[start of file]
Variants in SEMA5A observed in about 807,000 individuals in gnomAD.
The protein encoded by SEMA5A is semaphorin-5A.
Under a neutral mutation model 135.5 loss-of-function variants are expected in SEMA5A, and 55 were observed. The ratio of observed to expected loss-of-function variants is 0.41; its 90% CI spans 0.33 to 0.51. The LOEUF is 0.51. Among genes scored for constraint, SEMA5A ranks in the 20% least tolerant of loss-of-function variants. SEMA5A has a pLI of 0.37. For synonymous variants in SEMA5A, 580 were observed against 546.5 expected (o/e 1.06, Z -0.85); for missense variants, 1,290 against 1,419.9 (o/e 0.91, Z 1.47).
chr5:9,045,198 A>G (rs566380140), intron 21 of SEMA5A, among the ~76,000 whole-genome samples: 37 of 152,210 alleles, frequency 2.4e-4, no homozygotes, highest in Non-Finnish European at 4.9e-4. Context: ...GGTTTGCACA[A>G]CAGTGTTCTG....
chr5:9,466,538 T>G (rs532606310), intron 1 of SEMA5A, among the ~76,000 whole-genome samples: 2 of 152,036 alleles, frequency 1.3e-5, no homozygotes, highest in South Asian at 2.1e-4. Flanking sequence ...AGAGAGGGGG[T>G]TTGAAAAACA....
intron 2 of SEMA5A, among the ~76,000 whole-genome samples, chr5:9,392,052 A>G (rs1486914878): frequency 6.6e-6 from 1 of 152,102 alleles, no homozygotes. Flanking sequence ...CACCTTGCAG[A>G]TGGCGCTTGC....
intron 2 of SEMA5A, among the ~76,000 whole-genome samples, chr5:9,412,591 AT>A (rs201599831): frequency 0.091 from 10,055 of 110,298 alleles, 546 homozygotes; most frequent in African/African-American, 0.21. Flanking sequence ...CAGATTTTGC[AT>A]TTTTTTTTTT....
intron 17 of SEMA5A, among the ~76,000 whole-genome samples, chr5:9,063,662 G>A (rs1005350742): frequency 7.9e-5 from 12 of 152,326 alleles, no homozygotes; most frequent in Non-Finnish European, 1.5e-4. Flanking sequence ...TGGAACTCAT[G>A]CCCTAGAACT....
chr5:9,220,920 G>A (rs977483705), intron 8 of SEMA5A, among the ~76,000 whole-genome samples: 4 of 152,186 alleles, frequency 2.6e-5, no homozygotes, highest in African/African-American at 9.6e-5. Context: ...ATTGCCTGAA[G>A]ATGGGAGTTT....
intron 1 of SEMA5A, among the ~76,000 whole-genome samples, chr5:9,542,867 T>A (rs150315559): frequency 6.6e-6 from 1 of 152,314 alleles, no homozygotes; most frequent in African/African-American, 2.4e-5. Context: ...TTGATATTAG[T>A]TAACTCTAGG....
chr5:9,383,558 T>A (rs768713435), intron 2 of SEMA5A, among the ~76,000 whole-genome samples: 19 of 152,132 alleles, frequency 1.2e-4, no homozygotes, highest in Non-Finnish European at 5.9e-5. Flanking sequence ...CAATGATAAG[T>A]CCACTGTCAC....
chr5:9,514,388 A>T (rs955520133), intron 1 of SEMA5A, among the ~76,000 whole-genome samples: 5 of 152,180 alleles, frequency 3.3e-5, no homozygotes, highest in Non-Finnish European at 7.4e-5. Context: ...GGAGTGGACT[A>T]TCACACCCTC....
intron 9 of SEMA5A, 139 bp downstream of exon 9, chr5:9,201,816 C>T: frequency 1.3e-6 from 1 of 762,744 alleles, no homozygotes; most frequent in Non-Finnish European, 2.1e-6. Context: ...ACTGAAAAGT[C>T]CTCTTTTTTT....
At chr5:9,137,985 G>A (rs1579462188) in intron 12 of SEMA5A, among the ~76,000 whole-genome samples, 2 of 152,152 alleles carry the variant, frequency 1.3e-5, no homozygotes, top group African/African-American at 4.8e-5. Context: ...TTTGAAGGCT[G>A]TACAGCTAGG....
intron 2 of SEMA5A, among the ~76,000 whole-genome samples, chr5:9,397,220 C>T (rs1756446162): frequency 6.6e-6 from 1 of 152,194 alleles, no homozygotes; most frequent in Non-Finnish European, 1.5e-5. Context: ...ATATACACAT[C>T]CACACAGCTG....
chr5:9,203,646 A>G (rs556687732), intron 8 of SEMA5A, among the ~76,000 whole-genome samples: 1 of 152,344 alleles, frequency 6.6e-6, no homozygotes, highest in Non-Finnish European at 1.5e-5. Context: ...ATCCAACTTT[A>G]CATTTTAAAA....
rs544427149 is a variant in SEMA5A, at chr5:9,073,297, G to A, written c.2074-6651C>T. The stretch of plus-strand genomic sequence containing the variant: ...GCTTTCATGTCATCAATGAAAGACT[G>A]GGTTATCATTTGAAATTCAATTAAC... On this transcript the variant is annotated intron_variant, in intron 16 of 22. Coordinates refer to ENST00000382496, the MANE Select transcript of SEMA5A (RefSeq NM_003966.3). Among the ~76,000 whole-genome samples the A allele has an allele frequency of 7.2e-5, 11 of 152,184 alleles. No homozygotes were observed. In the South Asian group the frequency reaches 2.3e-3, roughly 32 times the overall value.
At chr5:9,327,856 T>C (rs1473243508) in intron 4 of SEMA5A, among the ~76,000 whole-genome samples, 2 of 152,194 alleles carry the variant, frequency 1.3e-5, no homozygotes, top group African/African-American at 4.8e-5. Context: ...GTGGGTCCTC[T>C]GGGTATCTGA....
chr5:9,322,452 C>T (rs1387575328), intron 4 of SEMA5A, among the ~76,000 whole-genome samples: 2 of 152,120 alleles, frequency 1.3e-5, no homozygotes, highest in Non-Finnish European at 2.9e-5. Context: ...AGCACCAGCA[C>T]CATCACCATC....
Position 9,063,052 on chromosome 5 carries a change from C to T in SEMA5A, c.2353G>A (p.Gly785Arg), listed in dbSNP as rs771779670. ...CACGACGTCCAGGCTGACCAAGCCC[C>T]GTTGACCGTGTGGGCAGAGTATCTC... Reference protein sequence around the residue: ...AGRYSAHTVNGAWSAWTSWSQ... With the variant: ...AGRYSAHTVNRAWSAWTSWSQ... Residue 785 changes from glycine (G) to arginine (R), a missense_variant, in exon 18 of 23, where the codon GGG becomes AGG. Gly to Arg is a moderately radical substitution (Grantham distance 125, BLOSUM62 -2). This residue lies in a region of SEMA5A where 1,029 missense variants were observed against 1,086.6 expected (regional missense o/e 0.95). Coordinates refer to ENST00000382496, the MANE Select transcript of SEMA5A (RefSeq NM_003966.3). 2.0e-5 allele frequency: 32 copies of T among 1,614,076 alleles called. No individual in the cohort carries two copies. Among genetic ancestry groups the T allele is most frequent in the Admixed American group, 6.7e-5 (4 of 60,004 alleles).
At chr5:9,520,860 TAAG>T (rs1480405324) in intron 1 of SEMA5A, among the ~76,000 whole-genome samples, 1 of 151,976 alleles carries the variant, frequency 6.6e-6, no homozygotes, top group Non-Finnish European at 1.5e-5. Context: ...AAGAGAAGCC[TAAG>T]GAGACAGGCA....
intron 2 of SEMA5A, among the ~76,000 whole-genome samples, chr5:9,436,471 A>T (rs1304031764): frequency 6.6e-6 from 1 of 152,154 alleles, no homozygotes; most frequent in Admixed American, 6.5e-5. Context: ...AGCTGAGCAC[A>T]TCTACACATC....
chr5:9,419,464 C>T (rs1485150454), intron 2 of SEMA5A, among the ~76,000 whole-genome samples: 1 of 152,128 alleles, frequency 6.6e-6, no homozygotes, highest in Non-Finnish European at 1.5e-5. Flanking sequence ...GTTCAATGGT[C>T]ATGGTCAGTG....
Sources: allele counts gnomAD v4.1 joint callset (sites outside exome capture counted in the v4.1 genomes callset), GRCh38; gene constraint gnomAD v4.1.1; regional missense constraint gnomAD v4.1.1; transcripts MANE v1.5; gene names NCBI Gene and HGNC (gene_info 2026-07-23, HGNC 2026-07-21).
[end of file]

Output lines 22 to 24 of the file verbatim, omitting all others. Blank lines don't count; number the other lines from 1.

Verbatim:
intron 2 of SEMA5A, among the ~76,000 whole-genome samples, chr5:9,436,471 A>T (rs1304031764): frequency 6.6e-6 from 1 of 152,154 alleles, no homozygotes; most frequent in Admixed American, 6.5e-5. Context: ...AGCTGAGCAC[A>T]TCTACACATC....
chr5:9,419,464 C>T (rs1485150454), intron 2 of SEMA5A, among the ~76,000 whole-genome samples: 1 of 152,128 alleles, frequency 6.6e-6, no homozygotes, highest in Non-Finnish European at 1.5e-5. Flanking sequence ...GTTCAATGGT[C>T]ATGGTCAGTG....
Sources: allele counts gnomAD v4.1 joint callset (sites outside exome capture counted in the v4.1 genomes callset), GRCh38; gene constraint gnomAD v4.1.1; regional missense constraint gnomAD v4.1.1; transcripts MANE v1.5; gene names NCBI Gene and HGNC (gene_info 2026-07-23, HGNC 2026-07-21).